Iran had a huge population boom in the 1980s and 1990s, a new generation after revolution and war. It is a generation which played no part in earlier events, and yet what took place affects their lives directly. As the regime’s Islamic doctrine sealed off the country from western influence, the result was a complex mix of contradictions, which fuelled social and political instability.
“‘From Labyrinth’ is coexistence for me as a young Iranian, the generation after revolution, and comment on war with our society and the world”.
Farshid was born on July 21, 1987 in Tabriz, Iran. His birth year coincided with the last year of the Iran–Iraq War. Being young in Iran meant limitations: limitations in which religion affects politics, art, culture, diversion, economy, education, clothing, speech, behaviour, femininity, masculinity, relationships and life. The impact of these events on our lives and souls will always be visible. In this personal project, Farshid is searching for evidence of the growing complexity and depression both in sociological and psychological terms.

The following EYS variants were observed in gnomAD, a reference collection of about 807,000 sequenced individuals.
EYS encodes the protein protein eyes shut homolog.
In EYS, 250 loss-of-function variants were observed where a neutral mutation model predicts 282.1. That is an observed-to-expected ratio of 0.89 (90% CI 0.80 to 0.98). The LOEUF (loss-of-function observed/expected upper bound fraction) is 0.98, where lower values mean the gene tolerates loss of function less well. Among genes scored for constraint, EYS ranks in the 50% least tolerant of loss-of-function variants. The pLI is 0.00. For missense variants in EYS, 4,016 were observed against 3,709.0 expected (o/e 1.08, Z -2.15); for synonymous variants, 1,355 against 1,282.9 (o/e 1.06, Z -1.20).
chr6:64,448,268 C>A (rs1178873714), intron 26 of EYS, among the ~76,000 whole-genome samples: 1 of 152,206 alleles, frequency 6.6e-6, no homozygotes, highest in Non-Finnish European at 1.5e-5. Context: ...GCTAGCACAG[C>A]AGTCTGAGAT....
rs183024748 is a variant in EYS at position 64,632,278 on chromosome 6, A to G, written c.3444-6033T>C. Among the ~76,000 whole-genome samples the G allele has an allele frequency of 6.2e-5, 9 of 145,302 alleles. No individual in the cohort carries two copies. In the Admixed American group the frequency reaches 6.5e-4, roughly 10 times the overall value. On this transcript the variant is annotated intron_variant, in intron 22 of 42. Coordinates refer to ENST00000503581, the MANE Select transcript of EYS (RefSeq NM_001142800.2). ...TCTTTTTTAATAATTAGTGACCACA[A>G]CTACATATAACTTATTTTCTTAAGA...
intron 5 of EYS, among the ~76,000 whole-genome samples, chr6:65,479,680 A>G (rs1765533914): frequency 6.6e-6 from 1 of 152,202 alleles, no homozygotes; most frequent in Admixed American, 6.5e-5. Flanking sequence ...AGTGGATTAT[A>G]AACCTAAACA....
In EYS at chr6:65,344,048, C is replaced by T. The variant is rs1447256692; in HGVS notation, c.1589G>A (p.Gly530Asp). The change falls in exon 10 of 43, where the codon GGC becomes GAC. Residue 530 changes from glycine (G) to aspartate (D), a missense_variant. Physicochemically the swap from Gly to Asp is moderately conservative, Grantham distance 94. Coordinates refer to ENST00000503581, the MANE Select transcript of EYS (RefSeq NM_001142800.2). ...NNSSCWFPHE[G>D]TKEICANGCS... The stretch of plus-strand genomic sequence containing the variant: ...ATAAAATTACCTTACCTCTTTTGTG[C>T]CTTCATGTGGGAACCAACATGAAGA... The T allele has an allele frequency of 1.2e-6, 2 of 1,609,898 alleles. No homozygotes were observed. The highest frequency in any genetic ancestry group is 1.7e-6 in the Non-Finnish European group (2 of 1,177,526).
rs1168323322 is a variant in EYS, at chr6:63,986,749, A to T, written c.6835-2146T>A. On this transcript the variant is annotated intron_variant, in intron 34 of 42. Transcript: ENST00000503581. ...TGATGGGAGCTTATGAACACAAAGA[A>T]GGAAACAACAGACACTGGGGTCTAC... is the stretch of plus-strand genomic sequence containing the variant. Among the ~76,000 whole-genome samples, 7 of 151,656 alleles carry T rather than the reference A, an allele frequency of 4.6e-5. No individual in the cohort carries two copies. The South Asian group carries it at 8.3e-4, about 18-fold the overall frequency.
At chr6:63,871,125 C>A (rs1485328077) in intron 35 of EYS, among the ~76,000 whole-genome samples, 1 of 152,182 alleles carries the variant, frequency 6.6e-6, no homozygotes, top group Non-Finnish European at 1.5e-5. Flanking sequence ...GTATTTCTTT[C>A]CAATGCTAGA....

“Some commonalities among my peers were discovered: fear – fear of the future; fear of annihilation, fear of sexuality, fear of loneliness and the fear of not being happy”.
These fears take control of each individual’s life and identity, in ways both unique to every person and universal.